With this new definition, businesses will need to provide accessibility to a wide range of disabilities to adhere to ADA standards.
Why should web design agencies know about it?
If your web design agency creates websites that aren’t compliant with the ADA standards, you put your clients at risk of getting slapped with ADA-related lawsuits — and that’s not where you want to be.
By providing non-compliant sites to your clients, not only will you get some flak from them due to the legal problems they’re bound to get in, but you’ll also wreck your agency’s credibility.
It’s also worth pointing out that the ADA doesn’t specify the technical requirements for achieving compliance. Instead, it gives you the flexibility on how you can make your websites accessible.
Unfortunately, this doesn’t give you a lot to work with to comply with legislation fully.
The Department of Justice (DOJ) and the US courts previously used the Web Content Accessibility Guidelines (WCAG) 2.1 Level AA success criteria as a standard for assessing the accessibility of websites.
The WCAG 2.1 provides layers of standards to help you achieve web accessibility, including principles, basic guidelines, success criteria, and sufficient and advisory techniques.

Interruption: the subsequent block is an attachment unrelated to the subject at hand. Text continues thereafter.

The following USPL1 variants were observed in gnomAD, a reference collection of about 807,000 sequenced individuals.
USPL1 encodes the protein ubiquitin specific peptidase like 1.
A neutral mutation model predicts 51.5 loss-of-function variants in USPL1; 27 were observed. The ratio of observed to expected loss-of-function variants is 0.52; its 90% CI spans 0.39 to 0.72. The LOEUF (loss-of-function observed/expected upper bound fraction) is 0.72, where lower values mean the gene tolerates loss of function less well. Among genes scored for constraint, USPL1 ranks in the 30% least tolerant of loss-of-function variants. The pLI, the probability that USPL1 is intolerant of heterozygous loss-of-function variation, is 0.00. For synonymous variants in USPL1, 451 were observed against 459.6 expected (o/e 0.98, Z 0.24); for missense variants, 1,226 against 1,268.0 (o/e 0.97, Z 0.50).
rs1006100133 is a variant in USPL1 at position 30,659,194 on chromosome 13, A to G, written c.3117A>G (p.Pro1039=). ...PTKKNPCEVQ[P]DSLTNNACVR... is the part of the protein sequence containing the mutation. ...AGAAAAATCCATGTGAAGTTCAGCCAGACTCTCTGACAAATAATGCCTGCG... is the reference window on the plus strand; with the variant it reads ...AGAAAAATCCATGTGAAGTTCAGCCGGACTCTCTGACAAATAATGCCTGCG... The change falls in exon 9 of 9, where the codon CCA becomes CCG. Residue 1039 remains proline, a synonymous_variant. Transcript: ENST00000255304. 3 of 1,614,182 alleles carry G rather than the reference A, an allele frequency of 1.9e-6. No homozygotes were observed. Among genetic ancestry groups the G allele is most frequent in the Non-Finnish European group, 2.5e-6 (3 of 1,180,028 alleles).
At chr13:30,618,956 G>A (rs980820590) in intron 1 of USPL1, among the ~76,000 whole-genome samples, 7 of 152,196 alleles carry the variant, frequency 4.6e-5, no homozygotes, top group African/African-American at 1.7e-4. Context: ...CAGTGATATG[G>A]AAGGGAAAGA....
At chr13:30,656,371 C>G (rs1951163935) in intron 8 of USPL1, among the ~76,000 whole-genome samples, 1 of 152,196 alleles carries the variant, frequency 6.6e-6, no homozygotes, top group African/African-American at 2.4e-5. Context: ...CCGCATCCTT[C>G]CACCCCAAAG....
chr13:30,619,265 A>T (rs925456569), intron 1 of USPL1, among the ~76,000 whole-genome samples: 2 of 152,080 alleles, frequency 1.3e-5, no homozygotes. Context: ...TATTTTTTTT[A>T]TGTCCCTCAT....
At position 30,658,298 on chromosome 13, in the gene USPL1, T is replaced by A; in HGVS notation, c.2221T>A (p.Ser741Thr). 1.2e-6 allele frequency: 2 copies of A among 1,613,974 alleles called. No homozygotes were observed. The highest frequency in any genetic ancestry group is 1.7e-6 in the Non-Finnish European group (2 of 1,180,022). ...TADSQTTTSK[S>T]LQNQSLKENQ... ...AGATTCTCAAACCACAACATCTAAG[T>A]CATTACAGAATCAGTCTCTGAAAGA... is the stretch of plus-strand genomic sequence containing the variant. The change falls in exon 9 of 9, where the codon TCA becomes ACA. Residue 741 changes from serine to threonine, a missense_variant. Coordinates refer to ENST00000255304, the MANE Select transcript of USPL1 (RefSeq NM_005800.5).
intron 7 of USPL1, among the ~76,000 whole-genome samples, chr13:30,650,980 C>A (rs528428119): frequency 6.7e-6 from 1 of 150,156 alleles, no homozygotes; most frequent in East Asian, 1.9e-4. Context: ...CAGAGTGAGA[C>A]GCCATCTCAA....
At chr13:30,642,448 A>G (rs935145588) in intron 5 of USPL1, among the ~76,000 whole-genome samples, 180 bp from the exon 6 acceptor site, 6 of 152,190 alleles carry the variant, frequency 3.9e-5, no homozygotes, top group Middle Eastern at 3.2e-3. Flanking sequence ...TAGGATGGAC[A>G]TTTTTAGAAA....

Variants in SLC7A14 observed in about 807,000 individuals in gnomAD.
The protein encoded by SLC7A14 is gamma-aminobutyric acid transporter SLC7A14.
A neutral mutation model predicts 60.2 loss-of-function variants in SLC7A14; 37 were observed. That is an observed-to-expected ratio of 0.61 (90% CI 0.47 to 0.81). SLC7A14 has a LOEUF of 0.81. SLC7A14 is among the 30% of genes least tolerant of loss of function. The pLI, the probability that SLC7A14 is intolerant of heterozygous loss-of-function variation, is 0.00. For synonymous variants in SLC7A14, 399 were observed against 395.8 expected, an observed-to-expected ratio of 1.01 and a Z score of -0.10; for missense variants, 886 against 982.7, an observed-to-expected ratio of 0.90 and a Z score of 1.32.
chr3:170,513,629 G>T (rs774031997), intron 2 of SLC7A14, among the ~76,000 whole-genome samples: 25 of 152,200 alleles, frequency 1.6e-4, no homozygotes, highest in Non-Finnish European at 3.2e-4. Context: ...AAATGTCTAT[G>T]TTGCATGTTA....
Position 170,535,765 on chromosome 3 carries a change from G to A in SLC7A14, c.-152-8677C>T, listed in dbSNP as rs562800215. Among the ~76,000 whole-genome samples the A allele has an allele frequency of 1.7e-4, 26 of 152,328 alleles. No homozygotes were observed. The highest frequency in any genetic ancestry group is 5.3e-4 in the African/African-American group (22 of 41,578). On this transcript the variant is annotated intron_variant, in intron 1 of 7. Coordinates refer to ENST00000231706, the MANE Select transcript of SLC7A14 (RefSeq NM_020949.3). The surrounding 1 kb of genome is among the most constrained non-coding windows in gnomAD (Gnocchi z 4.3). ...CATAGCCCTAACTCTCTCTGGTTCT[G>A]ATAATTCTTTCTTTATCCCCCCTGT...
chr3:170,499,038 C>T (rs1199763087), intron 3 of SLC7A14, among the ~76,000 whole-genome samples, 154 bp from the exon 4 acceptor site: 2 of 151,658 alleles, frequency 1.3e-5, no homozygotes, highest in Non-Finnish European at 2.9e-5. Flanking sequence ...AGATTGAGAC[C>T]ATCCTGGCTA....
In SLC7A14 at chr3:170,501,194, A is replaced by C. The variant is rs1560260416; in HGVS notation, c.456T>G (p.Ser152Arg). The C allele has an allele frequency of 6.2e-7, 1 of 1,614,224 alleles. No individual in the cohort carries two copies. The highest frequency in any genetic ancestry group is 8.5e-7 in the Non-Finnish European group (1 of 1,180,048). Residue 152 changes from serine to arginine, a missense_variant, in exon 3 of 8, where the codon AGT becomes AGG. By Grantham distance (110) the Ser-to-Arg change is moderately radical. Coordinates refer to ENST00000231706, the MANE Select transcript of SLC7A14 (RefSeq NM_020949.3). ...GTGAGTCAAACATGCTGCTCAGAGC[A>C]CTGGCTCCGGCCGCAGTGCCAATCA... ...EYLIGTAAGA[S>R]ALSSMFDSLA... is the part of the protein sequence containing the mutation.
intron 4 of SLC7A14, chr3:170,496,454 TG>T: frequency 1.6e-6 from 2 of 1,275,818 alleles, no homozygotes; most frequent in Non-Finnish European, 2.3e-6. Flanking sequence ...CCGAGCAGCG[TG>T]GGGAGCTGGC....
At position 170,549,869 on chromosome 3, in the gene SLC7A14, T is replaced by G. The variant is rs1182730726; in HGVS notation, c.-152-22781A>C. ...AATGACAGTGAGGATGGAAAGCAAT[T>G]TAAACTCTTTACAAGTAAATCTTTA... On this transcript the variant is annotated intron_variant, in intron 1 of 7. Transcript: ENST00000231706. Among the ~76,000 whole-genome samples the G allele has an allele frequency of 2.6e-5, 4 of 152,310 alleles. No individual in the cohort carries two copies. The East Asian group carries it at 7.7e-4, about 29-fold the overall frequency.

Although the WCAG 2.1 isn’t formally codified into US law, it’s currently the best and safest standard you can follow to comply with web accessibility requirements and the ADA.
How can web design agencies make ADA-compliant websites for their clients?
Learn PHP for free!
Make the leap into server-side programming with a comprehensive cover of PHP & MySQL.
RRP $11.95 Yours absolutely free
There are various ways to make ADA compliant websites for your clients, but the most reliable, affordable, and easy to implement is for agencies to use a web accessibility platform like accessiBe.
The platform leverages AI and is completely automated: it scans websites and makes all of their elements compliant so the end result is fully accessible and compliant websites according to the WCAG 2.1 Level AA and the ADA standards.